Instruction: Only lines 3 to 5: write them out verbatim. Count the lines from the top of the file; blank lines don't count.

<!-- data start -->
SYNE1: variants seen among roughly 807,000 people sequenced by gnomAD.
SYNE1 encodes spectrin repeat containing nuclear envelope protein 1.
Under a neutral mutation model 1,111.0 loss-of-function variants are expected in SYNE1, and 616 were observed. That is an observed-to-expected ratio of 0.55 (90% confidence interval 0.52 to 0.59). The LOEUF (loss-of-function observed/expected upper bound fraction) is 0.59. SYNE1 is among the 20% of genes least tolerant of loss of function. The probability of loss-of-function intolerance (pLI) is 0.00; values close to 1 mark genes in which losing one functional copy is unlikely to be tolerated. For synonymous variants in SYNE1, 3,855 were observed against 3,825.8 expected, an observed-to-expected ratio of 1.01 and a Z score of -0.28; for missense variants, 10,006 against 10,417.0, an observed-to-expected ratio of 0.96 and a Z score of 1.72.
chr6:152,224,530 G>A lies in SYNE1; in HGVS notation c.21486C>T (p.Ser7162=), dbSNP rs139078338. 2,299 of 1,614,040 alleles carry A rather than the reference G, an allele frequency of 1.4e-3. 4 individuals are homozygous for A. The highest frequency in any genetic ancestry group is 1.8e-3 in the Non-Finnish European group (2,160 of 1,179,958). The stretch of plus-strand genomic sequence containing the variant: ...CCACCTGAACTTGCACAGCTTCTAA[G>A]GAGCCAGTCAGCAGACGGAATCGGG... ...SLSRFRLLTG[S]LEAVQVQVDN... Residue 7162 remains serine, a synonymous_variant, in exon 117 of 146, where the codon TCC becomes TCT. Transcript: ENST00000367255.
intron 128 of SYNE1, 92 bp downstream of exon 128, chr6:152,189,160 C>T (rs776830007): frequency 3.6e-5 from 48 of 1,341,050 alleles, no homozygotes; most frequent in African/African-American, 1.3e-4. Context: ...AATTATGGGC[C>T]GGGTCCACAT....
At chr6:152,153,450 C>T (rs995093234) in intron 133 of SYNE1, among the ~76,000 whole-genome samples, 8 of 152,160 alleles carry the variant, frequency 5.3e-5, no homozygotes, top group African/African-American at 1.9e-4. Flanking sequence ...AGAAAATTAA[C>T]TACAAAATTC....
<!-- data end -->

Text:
Under a neutral mutation model 1,111.0 loss-of-function variants are expected in SYNE1, and 616 were observed. That is an observed-to-expected ratio of 0.55 (90% confidence interval 0.52 to 0.59). The LOEUF (loss-of-function observed/expected upper bound fraction) is 0.59. SYNE1 is among the 20% of genes least tolerant of loss of function. The probability of loss-of-function intolerance (pLI) is 0.00; values close to 1 mark genes in which losing one functional copy is unlikely to be tolerated. For synonymous variants in SYNE1, 3,855 were observed against 3,825.8 expected, an observed-to-expected ratio of 1.01 and a Z score of -0.28; for missense variants, 10,006 against 10,417.0, an observed-to-expected ratio of 0.96 and a Z score of 1.72.
chr6:152,224,530 G>A lies in SYNE1; in HGVS notation c.21486C>T (p.Ser7162=), dbSNP rs139078338. 2,299 of 1,614,040 alleles carry A rather than the reference G, an allele frequency of 1.4e-3. 4 individuals are homozygous for A. The highest frequency in any genetic ancestry group is 1.8e-3 in the Non-Finnish European group (2,160 of 1,179,958). The stretch of plus-strand genomic sequence containing the variant: ...CCACCTGAACTTGCACAGCTTCTAA[G>A]GAGCCAGTCAGCAGACGGAATCGGG... ...SLSRFRLLTG[S]LEAVQVQVDN... Residue 7162 remains serine, a synonymous_variant, in exon 117 of 146, where the codon TCC becomes TCT. Transcript: ENST00000367255.
intron 128 of SYNE1, 92 bp downstream of exon 128, chr6:152,189,160 C>T (rs776830007): frequency 3.6e-5 from 48 of 1,341,050 alleles, no homozygotes; most frequent in African/African-American, 1.3e-4. Context: ...AATTATGGGC[C>T]GGGTCCACAT....